A bullet has been removed from the exhumed body of Joseph Murphy, one of the 11 victims of the Ballymurphy Massacre, in west Belfast, in 1971.

Belfast coroner Jim Kitson gave the order earlier this year for the exhumation of Murphy, who on his deathbed told his family he had been shot while in the custody of the British army. The 41-year-old was a father of 12 children.

Murphy's daughter, Janet Donnelly, told BBC Radio Ulster's Evening Extra, that her father had been shot in the right thigh and taken to the Henry Taggart army base. He lived for 13 days after he was wounded.

She said "He told my mother that while he was in the barracks, he was shot into his open wound. My father died and about two years ago, the Historic Enquiries Team (HET) uncovered new evidence to suggest there was a second bullet."

Donnelly said the recovery of the second bullet was "massive" for her family.

A bullet is found in the body of Joseph Murphy, shot dead in Ballymurphy in 1971. We'll hear from his daughter. pic.twitter.com/3rDpYb57Ws

— BBC Radio Foyle (@BBCRadioFoyle) October 28, 2015
"My father was shot and then he was shot a second time inside an army base. This just proved the story that I grew up with that my father told my mummy," Donnelly said.

"Instead of being treated for his injuries he was beaten and then shot again."

Donnelly said his death had devastated the family. She added “We were all young children and were left without a father.

"We are getting closer to finding out what happened and I will go on until we get to the truth."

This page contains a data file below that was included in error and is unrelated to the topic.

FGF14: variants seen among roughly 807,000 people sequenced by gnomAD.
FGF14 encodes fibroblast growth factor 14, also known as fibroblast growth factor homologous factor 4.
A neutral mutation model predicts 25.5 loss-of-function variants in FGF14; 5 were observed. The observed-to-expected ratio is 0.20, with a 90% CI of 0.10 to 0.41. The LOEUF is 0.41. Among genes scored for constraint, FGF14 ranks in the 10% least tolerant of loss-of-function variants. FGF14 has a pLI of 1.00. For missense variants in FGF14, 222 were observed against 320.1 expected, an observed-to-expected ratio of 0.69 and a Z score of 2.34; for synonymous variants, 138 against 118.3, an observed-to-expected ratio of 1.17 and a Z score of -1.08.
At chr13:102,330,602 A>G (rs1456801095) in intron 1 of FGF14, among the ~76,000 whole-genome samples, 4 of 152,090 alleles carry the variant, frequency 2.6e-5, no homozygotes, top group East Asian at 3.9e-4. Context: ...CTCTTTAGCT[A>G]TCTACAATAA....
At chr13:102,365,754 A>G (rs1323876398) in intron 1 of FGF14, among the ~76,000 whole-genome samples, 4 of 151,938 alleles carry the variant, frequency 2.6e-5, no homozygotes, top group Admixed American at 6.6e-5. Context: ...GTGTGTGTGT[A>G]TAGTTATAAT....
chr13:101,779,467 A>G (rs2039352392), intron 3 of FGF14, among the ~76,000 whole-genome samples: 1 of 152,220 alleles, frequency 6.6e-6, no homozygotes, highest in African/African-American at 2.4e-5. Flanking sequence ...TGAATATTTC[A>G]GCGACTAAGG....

Mark O'Connor, a solicitor for the family, said "This is an historic breakthrough. I'm delighted on behalf of the family.

"It's due to their hard work and perseverance that this evidence has been obtained."

A representative of the Ballymurphy families, who have been campaigning for an independent inquiry, John Teggart, said the discovering of the bullets proves Joseph Murphy’s claims.

Teggart told the Irish Times “This proves what we have been saying for years that after being shot outside the British army barracks Joseph Murphy was brutalized and shot again inside the barracks.”

This massacre happened during Operation Demetrius, internment without trial, in August 1971. Inquests have yet to be carried out into how ten people, including a priest had gone to the aid of one of the victims and a 50-year-old mother of eight, who were shot by British soldiers.

Paddy McCarthy, the 11th victim, who does not come under the terms of the inquest, died from a heart attack after a British soldier put a gun into his mouth and pulled the trigger.

Full Text of All Party Motion - events in Ballymurphy 1971. @ballymurphy11 @Ballymurphy1971 http://t.co/Ecwx66qwNo RT pic.twitter.com/1wdZGsXyPa

— Connolly Association (@ConnollyAssoc) September 1, 2015
Joseph Murphy’s family have for many years contended that Joseph was shot in west Belfast by British soldiers and that he was shot again when he was taken into custody at that Henry Taggart barracks.

Teggart, the Ballymurphy family spokesperson, explained that Joseph Murphy survived for 13 days after the shootings.

After his death on bullet was removed from his body during a postmortem. Teggart said a second postmortem after the exhumation had found a second bullet.

“This further reinforces our demand for an independent panel to be set up to investigate the killings. It proves what the families have said all along, that there was not a proper investigation of the killings,” said Teggart.

It’s believed that most of the murders were carried out by members of British Parachute Regiment, months before the same regiment were involved in the Bloody Sunday killings, which resulted in the death of 14 innocent people.

Taoiseach (Prime Minister) Enda Kenny, Sinn Féin, the Social Democratic and Labour Party, the Alliance Party and the British Labour Party have supported the Ballymurphy families’ calls for an inquiry.